That includes p elements, which can only be used where flow content is expected.

Therefore, div elements can contain p elements.

However, the content model of p elements is Phrasing content

Phrasing content is the text of the document, as well as elements that mark up that text at the intra-paragraph level. Runs of phrasing content form paragraphs.

That doesn't include div elements, which can only be used where flow content is expected.

Therefore, p elements can't contain div elements.

Since the end tag of p elements can be omitted when the p element is immediately followed by a div element (among others), the following

  <div>some words</div>

is parsed as

<div>some words</div>

and the last </p> is an error.

  • But if in CSS if I set div to be inline why it's not respecting that?
    – Sanjay
    Jan 5, 2018 at 23:26
  • 1
    Since CSS values are applied after dom Parsing... even if we make div as inline in CSS its is no use, as new parsed structure is <p>Text</p> <div>some words</div> <p></p> is my understanding correct ?
    – Sanjay
    Jan 5, 2018 at 23:39
  • @Sanjay Yes, looks like you are right. And moreover, during my observations, if you put <span> inside <p> and then set span's display to "block", it will be rendered as a typical block element without such an effect. May 28, 2018 at 19:49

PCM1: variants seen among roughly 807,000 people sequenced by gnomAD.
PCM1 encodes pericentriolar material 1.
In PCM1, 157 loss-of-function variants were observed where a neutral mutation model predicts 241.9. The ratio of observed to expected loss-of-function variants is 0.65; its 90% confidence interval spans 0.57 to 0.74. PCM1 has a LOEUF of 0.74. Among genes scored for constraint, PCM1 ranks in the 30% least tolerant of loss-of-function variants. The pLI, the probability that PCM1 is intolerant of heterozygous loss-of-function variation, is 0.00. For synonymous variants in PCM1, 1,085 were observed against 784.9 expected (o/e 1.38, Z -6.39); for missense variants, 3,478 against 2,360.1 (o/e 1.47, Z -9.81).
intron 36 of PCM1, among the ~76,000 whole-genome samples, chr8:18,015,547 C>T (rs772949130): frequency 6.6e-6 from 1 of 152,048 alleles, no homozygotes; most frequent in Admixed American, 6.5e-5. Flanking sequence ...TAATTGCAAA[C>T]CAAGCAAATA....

Look at this example from the HTML spec

<!-- Example of data from the client database: -->
<!-- Name: Stephane Boyera, Tel: (212) 555-1212, Email: [email protected] -->

<DIV id="client-boyera" class="client">
<P><SPAN class="client-title">Client information:</SPAN>
<TABLE class="client-data">
<TR><TH>Last name:<TD>Boyera</TR>
<TR><TH>First name:<TD>Stephane</TR>
<TR><TH>Tel:<TD>(212) 555-1212</TR>
<TR><TH>Email:<TD>[email protected]</TR>

Did you notice something? : There was no closing tag of the <p> element. a mistake in the specs ? No.

Tip #1: The closing tag of <p> is OPTIONAL

You may ask: But then how would a <p> element knows where to stop?

From w3docs:

If the closing tag is omitted, it is considered that the end of the paragraph matches with the start of the next block-level element.

In simple words: a <div> is a block element and its opening tag will cause the parent <p> to be closed, thus <div> can never be nested inside <p>.

BUT what about the inverse situation ? you may ask

well ...

Tip #2: The closing tag of the <div> element is REQUIRED

According to O’Reilly HTML and XHTML Pocket Reference, Fourth Edition (page 50)

<div> . . . </div> Start/End Tags Required/Required

That is, the <div> element's end will only be determined by its closing tag </div> hence a <p> element inside is will NOT break it.


After the X HTML, the conventions has been changed, and now it's a mixture of conventions of XML and HTML, so that is why the second approach is wrong and the W3C validator accepts the things correct that are according to the standards and conventions.

  • XHTML didn't change much. The p element has never been allowed to contain a div element.
    – Quentin
    Nov 20, 2019 at 15:25

Because the div tag has higher precedence than the p tag. The p tag represents a paragraph tag whereas the div tag represents a document tag.

You can write many paragraphs in a document tag, but you can't write a document in a paragraph. The same as a DOC file.

  • 2
    Actually, it's division. Otherwise it'd be <doc> :D
    – Kyle
    Dec 21, 2012 at 14:02
  • 6
    Precedence is not a concept that applies to html elements, and div represents a division, as @KyleSevenoaks says :)
    – SimplGy
    May 17, 2013 at 16:42
  • What is a DOC file? A Microsoft Word file? Jul 7, 2019 at 22:06